Practice and Procedure


PUBLISHED July 8, 2003

Counsel was entitled, upon request, to see the notes sent from the jury to the judge. In the instant case, the judge had dealt adequately with the notes and the irregularities in relation to some of the notes did not begin to undermine the safety of the conviction.Appeal against conviction and sentence. The appellant ('H') was convicted of causing grievous bodily harm ('GBH') with intent and was sentenced to seven years' imprisonment. H was working at a hotel and used the master key to enter the hotel room of a 22-year-old woman. The victim alleged that H strangled her and that she could not breathe for between 10 and 30 seconds. Confronted with DNA evidence, H pleaded guilty to causing GBH contrary to s.20 Offences Against the Person Act 1861 but stated that he had entered the room with the intention of theft only. The single issue for the jury at trial was whether, when causing GBH, H had done so with intent to cause GBH contrary to s.18 Offences Against the Person Act 1861. The single issue in the appeal was the way in which the judge dealt with a total of 17 notes sent to him by the jury before their retirement. Each note was sent to the judge in full view of the court. The judge did not show all the notes to counsel but he usually read out the note he had received before dealing with it in the presence of the jury. On occasion he only summarised the note. On appeal H argued that the judge's summaries were inadequate and did not alert defence counsel to the fact that a note had something to do with H's case. After the jury had left court, counsel for the defence asked to see the notes but the judge took the view that, unless there was some authority to oblige him to do so, he would not. No authorities were drawn to his attention and no further application was made.HELD: (1) The principles on notes from the jury were in fact decided in R v Gorman (1987) 85 CAR 121. If the communication from the jury raised administrative issues unconnected with the trial, the judge could deal with them without referring to counsel. In almost every other case a judge should state in open court the nature and the content of the communication and, if he considered it helpful to do so, seek the assistance of counsel. The object of these procedures was to ensure that (a) there was no suspicion of any secret communication between the court and the jury and (b) to enable the judge to give proper and accurate assistance to the jury. (2) In this case, the notes were not treated as private communications between the judge and the jury. There was no requirement for them to be physically handed to counsel although if counsel asked to see them it was normal practice to do so. (3) The judge's failures were trivial and minor. The judge dealt adequately with the notes. The irregularities which took place did not begin to undermine the safety of this conviction. For these reasons the appeal against conviction would be dismissed. (4) With regard to the appeal against sentence, the assault was not prolonged and H did plead guilty. The sentence imposed would have been appropriate to reflect a greater degree of criminality and a greater degree of persistence than H showed. Seven years' imprisonment was excessive. A sentence of five years would be substituted.Appeal against conviction dismissed. Appeal against sentence allowed.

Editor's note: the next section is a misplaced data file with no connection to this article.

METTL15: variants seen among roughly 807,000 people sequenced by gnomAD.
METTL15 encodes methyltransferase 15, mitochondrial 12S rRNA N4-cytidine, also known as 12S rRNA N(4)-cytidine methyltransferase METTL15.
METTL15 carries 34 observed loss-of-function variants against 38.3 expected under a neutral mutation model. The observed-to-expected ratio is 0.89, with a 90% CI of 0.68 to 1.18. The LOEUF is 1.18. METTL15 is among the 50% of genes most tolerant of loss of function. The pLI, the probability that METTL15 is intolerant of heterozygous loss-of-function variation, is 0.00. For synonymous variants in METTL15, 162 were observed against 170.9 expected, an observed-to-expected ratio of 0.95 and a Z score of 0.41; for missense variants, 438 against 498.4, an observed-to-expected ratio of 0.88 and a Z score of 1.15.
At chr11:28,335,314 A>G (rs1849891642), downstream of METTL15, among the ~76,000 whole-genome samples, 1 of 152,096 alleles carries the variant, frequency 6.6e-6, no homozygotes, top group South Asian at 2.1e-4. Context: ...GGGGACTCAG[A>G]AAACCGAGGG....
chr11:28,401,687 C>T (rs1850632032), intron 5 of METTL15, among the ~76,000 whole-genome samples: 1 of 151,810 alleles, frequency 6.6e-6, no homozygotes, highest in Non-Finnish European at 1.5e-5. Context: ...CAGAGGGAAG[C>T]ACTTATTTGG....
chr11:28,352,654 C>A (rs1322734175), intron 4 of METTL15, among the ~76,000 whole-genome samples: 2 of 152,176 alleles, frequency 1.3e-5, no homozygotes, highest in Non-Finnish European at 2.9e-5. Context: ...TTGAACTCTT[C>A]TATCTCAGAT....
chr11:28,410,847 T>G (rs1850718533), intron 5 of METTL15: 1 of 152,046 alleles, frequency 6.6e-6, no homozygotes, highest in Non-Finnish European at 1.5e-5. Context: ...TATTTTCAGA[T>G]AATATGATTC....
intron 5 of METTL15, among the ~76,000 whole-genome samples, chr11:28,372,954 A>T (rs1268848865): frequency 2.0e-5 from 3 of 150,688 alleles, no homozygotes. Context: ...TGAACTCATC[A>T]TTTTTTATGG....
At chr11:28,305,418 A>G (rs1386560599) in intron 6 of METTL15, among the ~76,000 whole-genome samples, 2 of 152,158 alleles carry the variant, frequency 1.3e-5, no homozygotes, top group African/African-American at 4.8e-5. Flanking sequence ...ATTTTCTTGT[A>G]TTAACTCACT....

[2003] EWCA Crim 1974